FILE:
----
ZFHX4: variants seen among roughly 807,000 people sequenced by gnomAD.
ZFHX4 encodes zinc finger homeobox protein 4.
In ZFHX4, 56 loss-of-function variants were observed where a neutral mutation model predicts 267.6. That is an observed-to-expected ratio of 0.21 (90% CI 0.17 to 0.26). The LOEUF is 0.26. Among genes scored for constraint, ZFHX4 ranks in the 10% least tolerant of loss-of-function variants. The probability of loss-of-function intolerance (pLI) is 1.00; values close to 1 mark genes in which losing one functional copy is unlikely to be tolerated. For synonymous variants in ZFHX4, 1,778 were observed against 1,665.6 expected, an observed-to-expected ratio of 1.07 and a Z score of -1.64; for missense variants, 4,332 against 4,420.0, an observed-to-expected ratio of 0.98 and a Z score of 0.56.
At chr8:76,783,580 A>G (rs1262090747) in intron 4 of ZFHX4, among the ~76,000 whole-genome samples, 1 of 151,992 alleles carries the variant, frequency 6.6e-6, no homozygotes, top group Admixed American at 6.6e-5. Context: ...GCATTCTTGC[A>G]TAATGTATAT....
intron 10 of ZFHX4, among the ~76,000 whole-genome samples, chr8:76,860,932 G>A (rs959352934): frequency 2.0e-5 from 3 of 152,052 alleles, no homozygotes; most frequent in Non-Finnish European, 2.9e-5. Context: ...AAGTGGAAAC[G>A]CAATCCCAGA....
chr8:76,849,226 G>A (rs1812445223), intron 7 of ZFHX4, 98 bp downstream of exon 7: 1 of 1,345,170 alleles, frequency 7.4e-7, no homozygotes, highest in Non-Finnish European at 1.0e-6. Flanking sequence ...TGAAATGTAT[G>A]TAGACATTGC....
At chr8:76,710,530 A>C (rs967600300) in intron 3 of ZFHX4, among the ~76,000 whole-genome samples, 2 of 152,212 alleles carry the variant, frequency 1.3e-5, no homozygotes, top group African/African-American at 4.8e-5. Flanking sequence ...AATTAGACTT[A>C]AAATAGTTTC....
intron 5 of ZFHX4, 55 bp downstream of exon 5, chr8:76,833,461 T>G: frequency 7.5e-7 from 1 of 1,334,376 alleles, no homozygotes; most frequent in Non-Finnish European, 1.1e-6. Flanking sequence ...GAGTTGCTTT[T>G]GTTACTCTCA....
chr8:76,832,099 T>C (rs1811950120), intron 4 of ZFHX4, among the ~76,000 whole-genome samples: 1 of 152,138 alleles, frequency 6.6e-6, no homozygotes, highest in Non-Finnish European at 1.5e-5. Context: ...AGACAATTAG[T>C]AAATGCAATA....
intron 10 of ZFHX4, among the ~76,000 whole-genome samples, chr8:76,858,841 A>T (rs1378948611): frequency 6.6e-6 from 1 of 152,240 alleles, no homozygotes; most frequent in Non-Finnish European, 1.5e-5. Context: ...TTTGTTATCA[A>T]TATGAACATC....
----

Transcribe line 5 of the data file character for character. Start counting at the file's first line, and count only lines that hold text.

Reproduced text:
intron 10 of ZFHX4, among the ~76,000 whole-genome samples, chr8:76,860,932 G>A (rs959352934): frequency 2.0e-5 from 3 of 152,052 alleles, no homozygotes; most frequent in Non-Finnish European, 2.9e-5. Context: ...AAGTGGAAAC[G>A]CAATCCCAGA....